Meeting lots of people here in Tuebingen, I often get asked why I chose to study German, Dutch, etc, especially considering I have creative ambitions and no aspirations of becoming a translator or interpretor or professor or similar.
According to the philosophy of the book Learning by Heart by Corita Kent (which will soon be republished! get it when it comes out, it’s great!), art is making connections and articulating them in ways previously unexplored or impossible.
So then, when we dream we are practicing this process, uninhibited. Dreams are “a condensation of images and ideas that share certain characteristics – not obviously connected”.
I like this idea very much and I think it’s very true. We dream up some very creative scenarios, so creative that they sound silly when scrutinised by our waking minds, but when we are asleep they are logical progressions from the seed ideas and emotions that begin the dream.
The inventor Dean Kamen, who invented the Segway, amongst other things, is now heading up a new effort to make highly sensitive and precise commercial prosthetics (inspired by Luke Skywalker’s prosthetic hand in The Empire Strikes Back, apparently). This video is fascinating:
This evening there was an international dinner at the language course i’m doing. Each student (or in small groups) had to prepare a dish from their homeland to share in a buffet. I couldn’t think of anything Welsh that I can cook, but someone suggested that I make something Greek since my mother is from the Greek part of Cyprus.
I immediately thought upon Daktyla, a sweet almondy treat that my mother and her mother sometimes make. My mother sent me a few recently by post and they were delicious… I shared them with Julia (my girlfriend) and Freekje (a mutual friend), and they were wild about them. So I thought I would try to emulate this satisfaction with the students of my language course, by making them Daktyla.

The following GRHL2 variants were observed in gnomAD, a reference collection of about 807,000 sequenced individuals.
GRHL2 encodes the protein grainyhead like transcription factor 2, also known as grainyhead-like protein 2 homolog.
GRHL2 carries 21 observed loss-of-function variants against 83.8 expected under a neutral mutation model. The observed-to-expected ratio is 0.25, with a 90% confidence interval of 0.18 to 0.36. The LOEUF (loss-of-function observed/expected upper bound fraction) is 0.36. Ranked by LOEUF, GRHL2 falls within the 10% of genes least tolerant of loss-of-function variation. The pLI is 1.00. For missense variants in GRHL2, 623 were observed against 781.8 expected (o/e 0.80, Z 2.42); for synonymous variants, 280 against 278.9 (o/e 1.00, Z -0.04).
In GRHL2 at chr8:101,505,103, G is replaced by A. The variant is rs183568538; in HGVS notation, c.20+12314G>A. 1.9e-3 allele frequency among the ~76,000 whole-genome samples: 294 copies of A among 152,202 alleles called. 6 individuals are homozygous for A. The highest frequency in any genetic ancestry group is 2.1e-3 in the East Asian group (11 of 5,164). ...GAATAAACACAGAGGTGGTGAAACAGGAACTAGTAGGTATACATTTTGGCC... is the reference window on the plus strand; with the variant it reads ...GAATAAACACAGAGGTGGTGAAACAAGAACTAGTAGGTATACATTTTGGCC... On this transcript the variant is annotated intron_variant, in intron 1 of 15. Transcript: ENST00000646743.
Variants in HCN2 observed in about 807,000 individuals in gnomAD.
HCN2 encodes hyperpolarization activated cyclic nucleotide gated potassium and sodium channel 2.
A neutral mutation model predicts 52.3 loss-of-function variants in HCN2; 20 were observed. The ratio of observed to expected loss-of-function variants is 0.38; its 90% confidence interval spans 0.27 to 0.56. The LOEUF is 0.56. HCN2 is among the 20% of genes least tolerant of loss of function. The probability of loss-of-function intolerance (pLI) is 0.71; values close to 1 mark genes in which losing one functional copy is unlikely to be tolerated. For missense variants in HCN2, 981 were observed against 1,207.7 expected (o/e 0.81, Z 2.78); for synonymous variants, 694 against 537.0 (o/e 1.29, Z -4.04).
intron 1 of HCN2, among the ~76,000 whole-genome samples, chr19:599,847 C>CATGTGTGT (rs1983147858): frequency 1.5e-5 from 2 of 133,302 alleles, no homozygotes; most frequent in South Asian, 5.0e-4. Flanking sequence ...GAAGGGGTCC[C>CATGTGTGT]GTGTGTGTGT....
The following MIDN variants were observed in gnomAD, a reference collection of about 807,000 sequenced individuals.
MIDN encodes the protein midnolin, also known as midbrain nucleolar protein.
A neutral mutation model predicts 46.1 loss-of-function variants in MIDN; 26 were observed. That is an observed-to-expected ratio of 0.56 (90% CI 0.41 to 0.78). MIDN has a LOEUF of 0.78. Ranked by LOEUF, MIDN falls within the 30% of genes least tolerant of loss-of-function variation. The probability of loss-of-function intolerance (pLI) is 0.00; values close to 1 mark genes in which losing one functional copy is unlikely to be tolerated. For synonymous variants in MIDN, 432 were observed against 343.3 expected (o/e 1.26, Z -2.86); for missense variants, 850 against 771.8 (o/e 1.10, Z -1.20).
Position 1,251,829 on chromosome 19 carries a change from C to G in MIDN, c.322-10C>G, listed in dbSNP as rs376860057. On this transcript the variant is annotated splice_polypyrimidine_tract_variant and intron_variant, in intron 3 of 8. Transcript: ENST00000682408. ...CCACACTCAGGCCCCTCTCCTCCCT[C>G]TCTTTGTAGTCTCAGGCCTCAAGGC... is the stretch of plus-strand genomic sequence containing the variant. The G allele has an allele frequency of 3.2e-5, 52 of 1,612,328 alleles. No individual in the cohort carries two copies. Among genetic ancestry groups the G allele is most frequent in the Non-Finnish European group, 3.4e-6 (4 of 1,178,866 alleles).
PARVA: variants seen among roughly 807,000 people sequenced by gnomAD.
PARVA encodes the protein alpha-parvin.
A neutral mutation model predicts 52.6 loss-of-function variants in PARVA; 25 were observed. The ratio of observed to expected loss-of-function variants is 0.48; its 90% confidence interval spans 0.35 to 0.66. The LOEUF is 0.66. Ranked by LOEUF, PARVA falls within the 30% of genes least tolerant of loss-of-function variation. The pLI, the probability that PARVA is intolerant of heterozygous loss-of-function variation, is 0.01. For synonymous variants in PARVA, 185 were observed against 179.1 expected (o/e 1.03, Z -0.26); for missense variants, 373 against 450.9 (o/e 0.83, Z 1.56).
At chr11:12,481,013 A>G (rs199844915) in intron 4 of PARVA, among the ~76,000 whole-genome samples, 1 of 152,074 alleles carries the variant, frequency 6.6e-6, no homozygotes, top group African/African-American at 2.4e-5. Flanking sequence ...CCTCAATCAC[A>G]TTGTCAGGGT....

It was the first time I made them and so I think it was a great success that it even worked. They don’t look exactly like the ones mama makes but they taste almost the same. The biggest difference would be that mine were more crunchy, but I like that anyway. Above is a picture of my Daktyla before I covered them in syrup and below is the “after”.
They were delicious and tasted a lot better than they looked. Everyone was complimentary! Success.
If you want to make them, the recipe is here: Page 1 | Page 2
TheSubmarineChannel has a collection of beautiful and innovative title sequences from movies. This one is amazing (the beauty of the universe; clocks; French people being beheaded – what more could you want?):
This is breathtaking and brilliant. A powerful but FREE software has been developed by Microsoft that empowers one to explore the chartered universe – in a way similar to how google maps lets you explore planet earth – and much more.
Oh, did I say it was a time traveling device? Technically it does allow you to explore time in the universe, as the images we have from the farthest reaches of the universe represent these areas as they were millions of years ago, as that’s how long it takes for their light to reach us.
worldwidetelescope.org is the official site, which currently only has a couple of “reactions to worldwidetelescope” videos.